Tag Archives: Economy

Free speech for some but not for teachers in NC

The North Carolina senate has a bill before it which would punish teachers if they wear red clothes in their classrooms. Say WHAA!!??!!

Though not explicitly banning red clothes, a teacher wearing red to school might be seen as engaging in a “political activity”… There is a campaign in North Carolina, Wear Red 4 Ed (public education)

What has created “the notion that promoting public education has become a political statement.”?

What else but a well-funded campaign from the right. There is some justification for vouchers which allow public school students to attend private schools but there is also the reality that some folks see vouchers as a money-making proposition — and screw the kids.

h/t to Crooks&Liars


Gingrich: Obama has ‘anti-American’ energy policy


Atlanta Journal-Constitution

more Republican TRUTH telling (or is that Republican TRUTH babbling? so difficult to tell the difference)

Gingrich: Obama has ‘anti-American’ energy policy

WASHINGTON — Newt Gingrich is asserting that President Barack Obama pursues an “outrageously anti-American” energy policy that snubs the Keystone oil pipeline and puts too much stock in electric car technology to wean the country from foreign oil dependency.

The former House speaker tells CBS’s “This Morning” show gasoline prices have skyrocketed since Obama took office. He says Obama entertains a “fantasy” that the electric car “is going to liberate us from Saudi Arabia.”

the real world

U.S. oil gusher blows out projections

The United States’ rapidly declining crude oil supply has made a stunning about-face, shredding federal oil projections and putting energy independence in sight of some analyst forecasts.

After declining to levels not seen since the 1940s, U.S. crude production began rising again in 2009. Drilling rigs have rushed into the nation’s oil fields, suggesting a surge in domestic crude is on the horizon.

The number of rigs in U.S. oil fields has more than quad­rupled in the past three years to 1,272, according to the Baker Hughes rig count. Including those in natural gas fields, the United States now has more rigs at work than the entire rest of the world.

The US now producing so much gasoline that it is exporting the stuff to other countries.

So why are oil prices rising? Do the Administration’s policies have much to do with the increase in gas prices at the pump? Some folks don’t think so, but then some folks aren’t focused solely on the upcoming elections in America.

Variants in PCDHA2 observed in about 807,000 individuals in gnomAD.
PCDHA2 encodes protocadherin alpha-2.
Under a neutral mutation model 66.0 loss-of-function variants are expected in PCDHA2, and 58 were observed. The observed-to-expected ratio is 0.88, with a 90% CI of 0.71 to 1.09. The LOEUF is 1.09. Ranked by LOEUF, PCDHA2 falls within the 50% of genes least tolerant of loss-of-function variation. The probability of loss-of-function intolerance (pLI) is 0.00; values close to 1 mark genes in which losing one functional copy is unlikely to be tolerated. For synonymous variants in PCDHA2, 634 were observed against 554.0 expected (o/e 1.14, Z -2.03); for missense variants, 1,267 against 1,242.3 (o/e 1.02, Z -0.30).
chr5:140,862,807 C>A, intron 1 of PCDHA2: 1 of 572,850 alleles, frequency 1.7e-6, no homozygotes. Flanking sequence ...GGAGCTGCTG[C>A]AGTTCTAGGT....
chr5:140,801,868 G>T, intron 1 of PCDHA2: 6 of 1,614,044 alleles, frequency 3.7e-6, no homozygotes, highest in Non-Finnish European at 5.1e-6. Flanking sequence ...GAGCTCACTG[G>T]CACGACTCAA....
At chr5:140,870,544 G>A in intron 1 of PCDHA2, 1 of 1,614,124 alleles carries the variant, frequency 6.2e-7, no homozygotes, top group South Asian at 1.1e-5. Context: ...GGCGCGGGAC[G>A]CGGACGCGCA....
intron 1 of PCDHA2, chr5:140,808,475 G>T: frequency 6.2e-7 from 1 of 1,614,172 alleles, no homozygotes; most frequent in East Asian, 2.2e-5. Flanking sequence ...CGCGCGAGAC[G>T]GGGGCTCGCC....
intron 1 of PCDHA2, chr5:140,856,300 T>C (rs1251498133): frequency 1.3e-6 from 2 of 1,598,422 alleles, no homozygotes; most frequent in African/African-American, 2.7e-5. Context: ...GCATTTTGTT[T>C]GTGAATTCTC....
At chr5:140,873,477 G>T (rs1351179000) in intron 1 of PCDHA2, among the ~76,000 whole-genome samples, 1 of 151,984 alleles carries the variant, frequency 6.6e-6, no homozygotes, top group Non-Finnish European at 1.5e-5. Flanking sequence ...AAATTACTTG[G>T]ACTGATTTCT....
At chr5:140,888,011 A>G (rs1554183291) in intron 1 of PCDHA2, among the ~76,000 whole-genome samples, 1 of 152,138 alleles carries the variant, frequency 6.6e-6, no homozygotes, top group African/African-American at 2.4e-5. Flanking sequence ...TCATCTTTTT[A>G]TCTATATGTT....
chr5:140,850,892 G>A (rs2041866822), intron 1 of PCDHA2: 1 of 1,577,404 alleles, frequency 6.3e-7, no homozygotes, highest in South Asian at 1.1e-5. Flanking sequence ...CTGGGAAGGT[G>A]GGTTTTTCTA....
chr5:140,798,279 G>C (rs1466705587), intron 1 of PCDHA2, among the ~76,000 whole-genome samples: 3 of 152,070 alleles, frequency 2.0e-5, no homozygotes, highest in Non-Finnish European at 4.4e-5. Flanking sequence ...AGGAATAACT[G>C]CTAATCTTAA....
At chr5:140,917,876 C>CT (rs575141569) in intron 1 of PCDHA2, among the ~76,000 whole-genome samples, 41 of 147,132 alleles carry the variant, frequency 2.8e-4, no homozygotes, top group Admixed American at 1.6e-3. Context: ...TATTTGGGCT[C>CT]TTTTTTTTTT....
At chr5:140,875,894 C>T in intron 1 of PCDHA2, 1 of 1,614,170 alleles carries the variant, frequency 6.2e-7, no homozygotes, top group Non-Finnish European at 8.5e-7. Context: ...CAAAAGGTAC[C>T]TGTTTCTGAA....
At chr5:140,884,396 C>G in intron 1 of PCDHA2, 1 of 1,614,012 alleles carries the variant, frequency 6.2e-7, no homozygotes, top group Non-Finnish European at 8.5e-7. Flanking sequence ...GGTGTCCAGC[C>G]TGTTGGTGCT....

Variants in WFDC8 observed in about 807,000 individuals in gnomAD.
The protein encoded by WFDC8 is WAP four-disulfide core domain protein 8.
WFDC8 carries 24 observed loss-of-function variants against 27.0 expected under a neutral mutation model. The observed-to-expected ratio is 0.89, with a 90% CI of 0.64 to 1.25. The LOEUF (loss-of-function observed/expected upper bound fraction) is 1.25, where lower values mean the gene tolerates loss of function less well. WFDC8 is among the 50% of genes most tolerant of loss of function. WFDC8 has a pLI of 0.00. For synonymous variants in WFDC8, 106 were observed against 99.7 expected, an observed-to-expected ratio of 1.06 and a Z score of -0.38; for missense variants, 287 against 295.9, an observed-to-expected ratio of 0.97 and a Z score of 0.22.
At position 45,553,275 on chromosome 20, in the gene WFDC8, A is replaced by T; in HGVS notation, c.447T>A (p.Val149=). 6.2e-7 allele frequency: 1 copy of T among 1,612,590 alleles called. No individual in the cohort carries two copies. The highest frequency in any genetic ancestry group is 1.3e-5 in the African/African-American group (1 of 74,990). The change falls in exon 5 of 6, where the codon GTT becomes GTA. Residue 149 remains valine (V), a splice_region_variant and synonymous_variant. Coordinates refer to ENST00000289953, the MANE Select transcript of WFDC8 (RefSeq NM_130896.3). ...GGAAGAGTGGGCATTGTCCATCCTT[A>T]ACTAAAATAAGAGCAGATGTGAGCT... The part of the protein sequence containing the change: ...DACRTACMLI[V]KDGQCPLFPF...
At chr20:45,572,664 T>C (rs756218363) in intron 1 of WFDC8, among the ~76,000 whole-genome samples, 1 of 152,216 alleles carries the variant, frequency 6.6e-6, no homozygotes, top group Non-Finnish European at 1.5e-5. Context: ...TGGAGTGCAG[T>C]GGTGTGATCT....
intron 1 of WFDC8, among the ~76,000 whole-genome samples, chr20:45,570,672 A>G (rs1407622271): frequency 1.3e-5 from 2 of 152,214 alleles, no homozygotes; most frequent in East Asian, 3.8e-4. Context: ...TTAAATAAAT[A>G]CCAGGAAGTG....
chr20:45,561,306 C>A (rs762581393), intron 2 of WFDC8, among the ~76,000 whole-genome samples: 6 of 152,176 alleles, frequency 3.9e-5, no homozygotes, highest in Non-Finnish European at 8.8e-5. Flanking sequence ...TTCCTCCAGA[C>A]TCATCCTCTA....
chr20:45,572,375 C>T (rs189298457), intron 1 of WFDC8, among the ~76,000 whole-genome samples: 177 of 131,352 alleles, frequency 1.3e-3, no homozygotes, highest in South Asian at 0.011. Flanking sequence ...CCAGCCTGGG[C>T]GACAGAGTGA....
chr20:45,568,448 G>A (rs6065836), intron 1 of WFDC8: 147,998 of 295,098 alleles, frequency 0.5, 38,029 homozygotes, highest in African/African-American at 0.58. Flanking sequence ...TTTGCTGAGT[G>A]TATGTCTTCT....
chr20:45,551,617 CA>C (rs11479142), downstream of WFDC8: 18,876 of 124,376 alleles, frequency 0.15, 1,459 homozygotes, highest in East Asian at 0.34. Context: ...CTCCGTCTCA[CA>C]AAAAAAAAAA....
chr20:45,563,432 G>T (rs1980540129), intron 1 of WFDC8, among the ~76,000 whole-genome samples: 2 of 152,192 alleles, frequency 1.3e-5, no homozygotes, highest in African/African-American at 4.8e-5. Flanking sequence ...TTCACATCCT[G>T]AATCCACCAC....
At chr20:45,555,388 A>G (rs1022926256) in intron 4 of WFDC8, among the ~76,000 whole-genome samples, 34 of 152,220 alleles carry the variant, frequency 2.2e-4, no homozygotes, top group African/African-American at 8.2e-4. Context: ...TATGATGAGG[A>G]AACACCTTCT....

Speculation driving oil prices

LONDON, Feb. 21 (UPI) — Fretting over the saber rattling with Iran, rather than an actual issue in the oil market, is what is driving energy prices up, an executive from Total said.

The European Union said last month it would place an embargo on Iranian crude oil starting July 1, prompting Iranian lawmakers to consider legislation to pre-empt the Europeans. Prior to that, Iran threatened to close key oil-shipping lanes in the Strait of Hormuz in retaliation to increased sanctions pressure.

Christophe de Margerie, the top executive at French supermajor Total, was quoted by the Platts news service as saying speculators were driving oil prices up.

“All the noise on whether (the ban) will affect the price is what is affecting the price,” he said.

Is it possible that the multi-national oil companies are raising prices for some reason other the actual costs of producing their products? What happened to supply and demand economics? The US produces enough fuel that it is now exporting more than it imports, yet prices continue to rise – Why?

Higher gasoline prices could hurt recovery, Obama’s re-election chances

Obama’s approval ratings have steadily climbed since the debt-ceiling debacle last year, reaching 47 percent last week according to the Gallup poll, the highest they’ve been since June 2011.

But gasoline sticker shock could change that trend, many Republicans believe. House Speaker John Boehner reportedly has urged GOP House members to make gas prices an issue on the campaign trail this fall.

Republican presidential candidates Rick Santorum, Mitt Romney and Newt Gingrich also have moved gas prices to prominent positions in their stump speeches. Gingrich in particular has made fuel prices a campaign theme, bitterly criticizing the administration at every campaign stop.

“Stop bowing. Start drilling,” the Gingrich website proclaims.

Santorum also has made the price of gas an issue.